The US economy has a 75% chance of plunging into recession, the chief economist at ABN AMRO Bank warns.
Amsterdam-based Han de Jong says weakening consumer demand will be the decisive factor pushing the US into recession some time next year.
He believes a self-reinforcing “vicious spiral” is developing between the real economy and the financial markets; one unlikely to be stopped any time soon.
“For now, we are calling for a relatively mild US recession, provided that economic policy, in particular monetary policy, is eased significantly," de Jong says.
"However, the downside risks to this mild recession scenario are at least as large as the upside ones.”
De Jong notes the housing market continues to weaken and prices are declining nationwide. He says the reduced available of credit will weaken demand and thus push the economy into recession.
He says the Federal Reserve needs to “act swiftly and decisively”.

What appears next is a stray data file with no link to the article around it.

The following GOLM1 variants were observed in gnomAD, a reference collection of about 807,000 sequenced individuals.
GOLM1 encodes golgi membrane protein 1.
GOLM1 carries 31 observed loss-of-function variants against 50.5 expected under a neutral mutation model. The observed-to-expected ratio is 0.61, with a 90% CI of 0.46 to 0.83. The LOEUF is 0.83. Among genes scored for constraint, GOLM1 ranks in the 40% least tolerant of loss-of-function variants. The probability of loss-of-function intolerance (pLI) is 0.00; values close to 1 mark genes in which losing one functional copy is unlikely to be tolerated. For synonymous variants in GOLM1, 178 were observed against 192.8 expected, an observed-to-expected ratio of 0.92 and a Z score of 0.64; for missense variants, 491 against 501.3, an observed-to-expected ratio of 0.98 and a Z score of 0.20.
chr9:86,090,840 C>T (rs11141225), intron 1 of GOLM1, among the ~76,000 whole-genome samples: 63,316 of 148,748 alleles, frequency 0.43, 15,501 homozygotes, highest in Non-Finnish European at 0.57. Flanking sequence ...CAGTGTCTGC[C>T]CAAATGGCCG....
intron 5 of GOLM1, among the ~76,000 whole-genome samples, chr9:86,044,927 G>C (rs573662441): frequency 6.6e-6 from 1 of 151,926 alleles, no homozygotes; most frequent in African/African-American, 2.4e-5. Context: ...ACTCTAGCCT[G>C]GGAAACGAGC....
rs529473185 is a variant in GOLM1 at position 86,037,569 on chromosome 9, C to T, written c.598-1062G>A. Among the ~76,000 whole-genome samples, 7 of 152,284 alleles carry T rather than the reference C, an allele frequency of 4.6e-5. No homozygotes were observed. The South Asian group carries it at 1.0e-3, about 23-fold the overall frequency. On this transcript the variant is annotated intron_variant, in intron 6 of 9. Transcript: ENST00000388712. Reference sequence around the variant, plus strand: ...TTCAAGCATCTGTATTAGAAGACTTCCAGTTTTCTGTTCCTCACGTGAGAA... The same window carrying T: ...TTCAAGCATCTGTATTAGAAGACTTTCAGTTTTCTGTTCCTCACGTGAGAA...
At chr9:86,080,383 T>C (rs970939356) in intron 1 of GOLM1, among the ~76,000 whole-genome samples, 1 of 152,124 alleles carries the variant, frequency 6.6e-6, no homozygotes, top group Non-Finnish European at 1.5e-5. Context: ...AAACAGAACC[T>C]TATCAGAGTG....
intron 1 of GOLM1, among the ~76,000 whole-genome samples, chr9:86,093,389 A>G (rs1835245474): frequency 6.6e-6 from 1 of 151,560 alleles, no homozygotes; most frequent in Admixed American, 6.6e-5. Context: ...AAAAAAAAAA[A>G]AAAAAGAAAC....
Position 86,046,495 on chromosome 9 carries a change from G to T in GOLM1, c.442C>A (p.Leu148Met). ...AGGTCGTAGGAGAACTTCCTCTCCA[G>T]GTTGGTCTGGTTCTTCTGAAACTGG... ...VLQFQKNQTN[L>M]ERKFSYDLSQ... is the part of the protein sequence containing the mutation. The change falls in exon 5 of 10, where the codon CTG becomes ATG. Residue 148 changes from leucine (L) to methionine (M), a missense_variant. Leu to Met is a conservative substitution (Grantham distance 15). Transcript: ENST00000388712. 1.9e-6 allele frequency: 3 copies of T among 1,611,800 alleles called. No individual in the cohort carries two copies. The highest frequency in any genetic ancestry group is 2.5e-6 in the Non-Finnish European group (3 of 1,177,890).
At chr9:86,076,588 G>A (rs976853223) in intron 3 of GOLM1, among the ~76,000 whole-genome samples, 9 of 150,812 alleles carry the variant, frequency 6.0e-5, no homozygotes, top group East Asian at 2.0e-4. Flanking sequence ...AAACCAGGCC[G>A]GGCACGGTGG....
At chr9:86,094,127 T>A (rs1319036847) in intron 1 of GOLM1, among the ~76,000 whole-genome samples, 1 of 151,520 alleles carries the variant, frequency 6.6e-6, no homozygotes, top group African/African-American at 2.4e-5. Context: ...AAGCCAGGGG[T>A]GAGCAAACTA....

“We believe that the Fed will do exactly that, taking the fed funds rate from its current 4.25% to below 3% by the end of 2008,” de Jong says.
While world markets will feel the effect of a US recession, the rest of the world should escape without too much harm, especially the emerging markets.
“They are growing strongly and they have developed their own momentum,” de Jong says. “In complete contrast to the period of the Asian crisis in 1998, there is room for policies to stimulate the economy, should they be required.”
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